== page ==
your poker evolution
"He announced his exact hand, how is this possible?", commentators of the big tournament said unanimously. Observers of poker battles and beginners are rather impressed when something like this happens. Let's look behind the scenes of similar situations.
How to read your opponent’s hands? In poker, a very important skill is the ability to properly assess the list of possible hands of the opponent, or his range. Of course, it is impossible to always guess the specific two cards. However, a much more realistic task is to understand some of the most likely combinations in different game situations.
You always need something to start with. And you should always start with defining who you are playing with. Approximately understanding how competent your opponent is, you will significantly increase the percentage of competently priced ranges.
An adequate opponent can be understood by thinking like them. That is, logically. They will strive to play according to the winning strategy, and you can make their preflop ranges with very good accuracy since many players have similar ones. It is more difficult to read an incompetent opponent’s hands, but they make a lot of gross mistakes. Therefore, playing even in the simplest, the so-called ABC poker, you will often win from them.
Of course, each player has their own style of the game, their own deviations from the norm. The appropriate statistics will help you find them. If we are talking about an open raise, then such statistics like Early UO PFR, Middle UO PFR, Steal from Cutoff, Steal from Button and Steal from SB will tell you more about the hands with which the opponent is raising and from which positions. Do they sometimes like to open frontier hands (indicators are overstated, loose opponent) or, on the contrary, prefer to play strictly according to the cards (indicators are understated, tight opponent).
From here you start your way of reading your opponent’s hands by determining the opponent's preflop range. This is necessary in order to understand how their range falls into different flops, turns and rivers.
A simple example: if a very tight opponent raises from UTG and the board (6 of Clubs, 7 of Diamonds, 8 of Hearts) appeared, then they will not have Straight with such hands as (10 of Spades, 9 of Clubs), (9 of Diamonds, 6 of Hearts) or (5 of Hearts, 4 of Spades), simply because they do not raise such hands on preflop.
Then you see the flop and you need to determine how well the preflop range of your opponent falls into this flop. There's nothing better than Flopzilla program which will be helpful in reading your opponent’s hands.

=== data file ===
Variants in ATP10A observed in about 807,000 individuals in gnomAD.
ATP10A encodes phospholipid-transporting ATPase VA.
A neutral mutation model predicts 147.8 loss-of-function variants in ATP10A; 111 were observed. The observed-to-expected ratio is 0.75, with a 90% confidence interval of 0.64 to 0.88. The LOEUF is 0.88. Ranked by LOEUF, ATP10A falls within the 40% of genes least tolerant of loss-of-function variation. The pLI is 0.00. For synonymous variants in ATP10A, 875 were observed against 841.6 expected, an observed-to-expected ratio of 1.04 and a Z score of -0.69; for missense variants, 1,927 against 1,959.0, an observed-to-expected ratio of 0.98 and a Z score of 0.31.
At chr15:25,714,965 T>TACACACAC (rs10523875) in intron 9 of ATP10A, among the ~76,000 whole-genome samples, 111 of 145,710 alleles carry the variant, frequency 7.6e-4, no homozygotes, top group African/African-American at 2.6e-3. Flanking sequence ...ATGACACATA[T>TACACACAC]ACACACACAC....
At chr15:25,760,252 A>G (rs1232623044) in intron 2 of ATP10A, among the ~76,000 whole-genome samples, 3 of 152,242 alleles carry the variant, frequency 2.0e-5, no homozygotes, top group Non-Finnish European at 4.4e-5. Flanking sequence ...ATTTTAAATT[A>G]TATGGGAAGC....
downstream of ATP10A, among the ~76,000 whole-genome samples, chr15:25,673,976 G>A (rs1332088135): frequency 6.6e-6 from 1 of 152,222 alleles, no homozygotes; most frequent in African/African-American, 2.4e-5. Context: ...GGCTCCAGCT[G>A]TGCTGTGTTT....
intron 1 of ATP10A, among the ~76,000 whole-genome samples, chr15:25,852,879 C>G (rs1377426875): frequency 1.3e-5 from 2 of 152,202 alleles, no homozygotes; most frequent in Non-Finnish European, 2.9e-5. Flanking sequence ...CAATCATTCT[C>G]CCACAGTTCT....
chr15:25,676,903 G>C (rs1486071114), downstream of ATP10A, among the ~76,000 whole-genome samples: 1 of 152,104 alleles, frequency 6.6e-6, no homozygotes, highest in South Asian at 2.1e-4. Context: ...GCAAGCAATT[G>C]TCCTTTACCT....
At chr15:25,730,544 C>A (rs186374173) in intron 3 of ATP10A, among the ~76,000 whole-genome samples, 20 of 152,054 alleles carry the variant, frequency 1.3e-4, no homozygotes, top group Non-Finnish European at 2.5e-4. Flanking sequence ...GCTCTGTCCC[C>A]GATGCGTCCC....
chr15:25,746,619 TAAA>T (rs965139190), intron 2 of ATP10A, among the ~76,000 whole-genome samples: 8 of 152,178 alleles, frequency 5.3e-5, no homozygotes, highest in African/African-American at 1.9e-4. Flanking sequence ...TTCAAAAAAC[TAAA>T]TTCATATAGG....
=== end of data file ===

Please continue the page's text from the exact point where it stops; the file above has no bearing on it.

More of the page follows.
In short, there are certain structures of boards that better fit the preflop raiser or the player who made 3bet, i.e. the aggressor. These include boards with Broadway cards - ace, king and queen, since on the flop the aggressor will have more hands giving strong combinations with these cards. There are also board structures that are more suitable for a wide range of hands (bb protection range, cold call on preflop, 3bet call). These include coordinated flops from medium cards - from 7 to 10. Preflop raiser rarely has hands that give Straight, 2 pairs or a strong draw on these boards. At the same time, a player without initiative has more nuts on them, because their range is very heavily filled with suited connectors.
Let's go to the statistics, which can give us a decisive advantage over the opponent, if we will manage to read the opponent’s hands. It will be a matter of cbets, folds and raises in response to these cbets. Statistics:
The average indicator of a cbet is 50-60%. If your opponent has higher, then, in some situations, they can replay their hands. This means that in the same suitable situation you can take advantage of this. The opposite is also true. If your opponent has a big fold to the cbet (55% +), then on a suitable raiser's board (with an ace, king, queen), you can cbet in almost 100% of cases, both with a strong combination and with a bluff. You can even slow play the ready-made strong combinations, letting them catch something, and always bet with a bluff.
Such reasoning is relevant throughout the hand, from preflop to river. You gradually discard hands from the opponent’s pre-flop range, which they would not have played on such a board the way they played in this hand. And very often this range really narrows so much that it is not difficult to "guess" the opponent's hand.
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